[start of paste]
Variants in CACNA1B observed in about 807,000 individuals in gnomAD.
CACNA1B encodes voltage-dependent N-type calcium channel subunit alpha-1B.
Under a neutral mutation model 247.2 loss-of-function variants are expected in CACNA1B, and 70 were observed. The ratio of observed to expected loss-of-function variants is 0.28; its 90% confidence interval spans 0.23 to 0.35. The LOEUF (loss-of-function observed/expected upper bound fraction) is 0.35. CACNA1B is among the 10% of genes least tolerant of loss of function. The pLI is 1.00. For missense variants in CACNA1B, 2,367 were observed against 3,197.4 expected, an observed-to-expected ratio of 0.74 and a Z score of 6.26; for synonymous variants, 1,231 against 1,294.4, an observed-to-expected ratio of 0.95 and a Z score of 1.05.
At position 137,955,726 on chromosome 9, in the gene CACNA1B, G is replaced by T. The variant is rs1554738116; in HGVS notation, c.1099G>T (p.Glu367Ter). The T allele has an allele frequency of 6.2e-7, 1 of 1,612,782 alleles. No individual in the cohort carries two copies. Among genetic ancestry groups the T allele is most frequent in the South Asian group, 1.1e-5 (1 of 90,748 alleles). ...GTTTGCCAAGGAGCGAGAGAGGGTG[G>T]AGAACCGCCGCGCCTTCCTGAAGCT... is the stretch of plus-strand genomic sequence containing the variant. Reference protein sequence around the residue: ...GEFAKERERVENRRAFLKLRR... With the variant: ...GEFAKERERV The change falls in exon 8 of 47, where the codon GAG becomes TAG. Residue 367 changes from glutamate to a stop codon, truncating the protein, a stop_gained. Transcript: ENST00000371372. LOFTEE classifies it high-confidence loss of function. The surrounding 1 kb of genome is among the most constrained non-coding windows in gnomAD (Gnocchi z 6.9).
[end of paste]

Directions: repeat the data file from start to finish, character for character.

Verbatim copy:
Variants in CACNA1B observed in about 807,000 individuals in gnomAD.
CACNA1B encodes voltage-dependent N-type calcium channel subunit alpha-1B.
Under a neutral mutation model 247.2 loss-of-function variants are expected in CACNA1B, and 70 were observed. The ratio of observed to expected loss-of-function variants is 0.28; its 90% confidence interval spans 0.23 to 0.35. The LOEUF (loss-of-function observed/expected upper bound fraction) is 0.35. CACNA1B is among the 10% of genes least tolerant of loss of function. The pLI is 1.00. For missense variants in CACNA1B, 2,367 were observed against 3,197.4 expected, an observed-to-expected ratio of 0.74 and a Z score of 6.26; for synonymous variants, 1,231 against 1,294.4, an observed-to-expected ratio of 0.95 and a Z score of 1.05.
At position 137,955,726 on chromosome 9, in the gene CACNA1B, G is replaced by T. The variant is rs1554738116; in HGVS notation, c.1099G>T (p.Glu367Ter). The T allele has an allele frequency of 6.2e-7, 1 of 1,612,782 alleles. No individual in the cohort carries two copies. Among genetic ancestry groups the T allele is most frequent in the South Asian group, 1.1e-5 (1 of 90,748 alleles). ...GTTTGCCAAGGAGCGAGAGAGGGTG[G>T]AGAACCGCCGCGCCTTCCTGAAGCT... is the stretch of plus-strand genomic sequence containing the variant. Reference protein sequence around the residue: ...GEFAKERERVENRRAFLKLRR... With the variant: ...GEFAKERERV The change falls in exon 8 of 47, where the codon GAG becomes TAG. Residue 367 changes from glutamate to a stop codon, truncating the protein, a stop_gained. Transcript: ENST00000371372. LOFTEE classifies it high-confidence loss of function. The surrounding 1 kb of genome is among the most constrained non-coding windows in gnomAD (Gnocchi z 6.9).